“Losing our history”. How mass COVID-19 mortality in the city of Fortaleza is harming people of all

Jul 21, 2020 | All posts, Letters from...

By Thatiany Nascimento, Diario do Nordeste, Fortaleza, Brazil 

Translated by Thais de Carvalho Rodigues Lopes
University of East Anglia, UK
July 2020

This blog is based on a translated version of an original newspaper report by, published in Portuguese on 3 July 2020 at thatiany.Nascimento@svm.com.br and published at https://diariodonordeste.verdesmares.com.br/metro/covid-19-obitos-de-idosos-deixam-efeitos-sociais-nas-demais-geracoes-1.2962472. It has been translated and posted in a modified format with the author’s permission.

In May the Global Platform posted a “letter from” the city of Fortaleza in Ceará State, Brazil (https://www.corona-older.com/post/letter-from-brazil-covid-19-and-older-people-in-fortaleza-brazil-s-worst-hit-city). That letter paid particular attention to the efforts of the city government to limit the pandemic’s effects on older people. This new blog, taken from a subsequent newspaper report, discusses the wider social and cultural impacts caused by the sudden loss of thousands of older people in Fortaleza and the wider region.


In Ceará State in the North-east Brazil, older people account for the vast majority of deaths resulting from the new coronavirus epidemic. Between March and June there were 4,578 deaths of people aged 60 years or older. For every ten Covid-19 deaths, seven were among older people.

The slow-walking figures have disappeared. So has the storytellineir past, it impairs the memory of a shared social history.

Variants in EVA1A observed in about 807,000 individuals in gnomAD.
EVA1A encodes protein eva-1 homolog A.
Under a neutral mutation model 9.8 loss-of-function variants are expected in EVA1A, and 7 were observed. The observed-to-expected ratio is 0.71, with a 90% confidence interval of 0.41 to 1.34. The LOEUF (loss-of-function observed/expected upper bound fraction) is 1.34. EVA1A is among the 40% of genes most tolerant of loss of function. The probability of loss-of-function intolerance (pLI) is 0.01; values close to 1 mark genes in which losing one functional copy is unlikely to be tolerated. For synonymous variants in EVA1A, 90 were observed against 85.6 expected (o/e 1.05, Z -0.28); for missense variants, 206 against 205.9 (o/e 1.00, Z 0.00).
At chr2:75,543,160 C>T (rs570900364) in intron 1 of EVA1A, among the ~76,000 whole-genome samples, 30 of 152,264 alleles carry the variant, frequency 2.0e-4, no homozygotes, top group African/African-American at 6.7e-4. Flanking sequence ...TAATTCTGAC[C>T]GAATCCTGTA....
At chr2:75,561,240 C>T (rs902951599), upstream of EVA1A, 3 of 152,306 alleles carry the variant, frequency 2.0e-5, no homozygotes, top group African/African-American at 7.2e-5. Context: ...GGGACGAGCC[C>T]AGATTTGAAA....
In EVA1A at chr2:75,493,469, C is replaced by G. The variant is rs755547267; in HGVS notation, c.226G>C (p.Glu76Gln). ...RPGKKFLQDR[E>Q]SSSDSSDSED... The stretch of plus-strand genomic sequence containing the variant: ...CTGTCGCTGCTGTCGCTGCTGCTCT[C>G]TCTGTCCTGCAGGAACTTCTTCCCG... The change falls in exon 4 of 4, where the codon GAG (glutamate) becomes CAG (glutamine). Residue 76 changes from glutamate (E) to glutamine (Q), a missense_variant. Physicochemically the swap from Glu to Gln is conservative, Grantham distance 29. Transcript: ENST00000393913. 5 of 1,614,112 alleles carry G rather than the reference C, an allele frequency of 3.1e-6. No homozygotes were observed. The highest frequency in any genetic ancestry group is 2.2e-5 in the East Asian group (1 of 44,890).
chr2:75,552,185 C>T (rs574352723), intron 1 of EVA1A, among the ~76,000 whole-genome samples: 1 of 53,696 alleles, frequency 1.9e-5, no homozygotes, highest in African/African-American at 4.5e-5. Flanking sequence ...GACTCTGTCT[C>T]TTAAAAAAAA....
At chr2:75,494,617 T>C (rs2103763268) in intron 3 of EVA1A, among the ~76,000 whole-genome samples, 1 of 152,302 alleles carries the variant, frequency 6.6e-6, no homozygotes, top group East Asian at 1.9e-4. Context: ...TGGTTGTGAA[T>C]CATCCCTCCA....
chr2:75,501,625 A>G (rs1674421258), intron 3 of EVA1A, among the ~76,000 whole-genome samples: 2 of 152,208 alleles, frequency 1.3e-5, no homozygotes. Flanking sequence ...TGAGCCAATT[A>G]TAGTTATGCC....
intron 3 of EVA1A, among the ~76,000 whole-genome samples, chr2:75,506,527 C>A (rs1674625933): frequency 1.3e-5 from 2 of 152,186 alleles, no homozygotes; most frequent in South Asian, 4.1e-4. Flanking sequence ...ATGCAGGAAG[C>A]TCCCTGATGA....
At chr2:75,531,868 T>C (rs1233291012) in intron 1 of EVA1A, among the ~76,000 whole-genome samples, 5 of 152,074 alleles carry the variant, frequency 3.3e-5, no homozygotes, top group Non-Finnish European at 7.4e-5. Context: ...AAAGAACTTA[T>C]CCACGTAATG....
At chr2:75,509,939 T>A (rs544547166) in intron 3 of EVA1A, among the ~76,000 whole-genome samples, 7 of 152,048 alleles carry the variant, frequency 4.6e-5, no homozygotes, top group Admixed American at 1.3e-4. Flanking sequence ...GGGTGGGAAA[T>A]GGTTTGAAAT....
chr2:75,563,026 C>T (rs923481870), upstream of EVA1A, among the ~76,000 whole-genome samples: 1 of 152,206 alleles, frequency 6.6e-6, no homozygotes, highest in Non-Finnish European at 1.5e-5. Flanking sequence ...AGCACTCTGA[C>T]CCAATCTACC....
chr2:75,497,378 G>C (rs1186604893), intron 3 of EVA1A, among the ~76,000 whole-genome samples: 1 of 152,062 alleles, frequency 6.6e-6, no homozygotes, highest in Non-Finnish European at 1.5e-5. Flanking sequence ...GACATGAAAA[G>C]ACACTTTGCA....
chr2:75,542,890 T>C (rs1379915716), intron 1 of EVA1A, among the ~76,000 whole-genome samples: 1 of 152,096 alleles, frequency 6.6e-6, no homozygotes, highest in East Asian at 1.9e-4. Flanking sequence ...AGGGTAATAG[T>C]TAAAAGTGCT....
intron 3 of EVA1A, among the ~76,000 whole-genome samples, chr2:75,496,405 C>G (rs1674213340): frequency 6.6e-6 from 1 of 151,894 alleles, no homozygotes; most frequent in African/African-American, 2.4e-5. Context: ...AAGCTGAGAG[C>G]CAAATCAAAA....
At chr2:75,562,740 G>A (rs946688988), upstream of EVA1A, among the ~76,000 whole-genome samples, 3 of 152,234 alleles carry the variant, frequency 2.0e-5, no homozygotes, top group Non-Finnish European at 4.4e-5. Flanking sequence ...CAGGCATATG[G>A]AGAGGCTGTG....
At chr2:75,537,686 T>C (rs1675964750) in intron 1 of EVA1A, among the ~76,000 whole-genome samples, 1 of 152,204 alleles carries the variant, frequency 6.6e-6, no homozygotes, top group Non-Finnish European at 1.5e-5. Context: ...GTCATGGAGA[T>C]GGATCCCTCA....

In the neighbourhood of Parquelandia, in Fortaleza city, Seu Magalhães no longer greets his acquaintances with his characteristic kindness. His car parts store is now closed, after more than 30 years in operation. Seu Magalhães has left 3 children, 4 grandchildren and his wife. José Raimundo Vieira Magalhães was 76 years old. He was one of the thousands of older people who have died as a consequence of COVID-19 in Ceará, where (according to estimates from the Brazilian Institute of Geography and Statistics), 12.3% of its 9 million residents are aged 60 or more.

On June 5th, after days hospitalised at the General Hospital of Fortaleza, Seu Magalhães lost his life. His granddaughter, journalist Camila Magalhães de Holanda, cannot mourn the body of Seu Magalhães. The pandemic that mostly takes older people is also brutal towards any attempt of closure through ritual. All they have now are memories. Camila describes her grandfather as a lively man, full of joy and always positive. She and her brother are the oldest grandchildren.

‘We were the only grandchildren for many years. We experienced much more with my grandpa than my 7-year-old and 1-year-old cousins have been able to. My cousin will not have the amazing grandpa I had, she won’t know what it feels like when your grandpa takes you to the park, or to school, or when he cooks for you. She won’t know what it feels like to go for a ride in a buggy with grandpa’, she says. Those are gaps shared with plenty of other households.


In Ceará, of a total of 6,180 deaths due to COVID-19 between March and June, 45% were people between 60 and 79 years old. Another 30% were more than 80 years of age. Apart from being the most common victims of COVID-19, older people were also the age group with the largest rate of infection during the pandemic. In March, for every 100 people infected in Ceará, 17 were 60 years old or more. By the end of June, this ratio had grown to 22.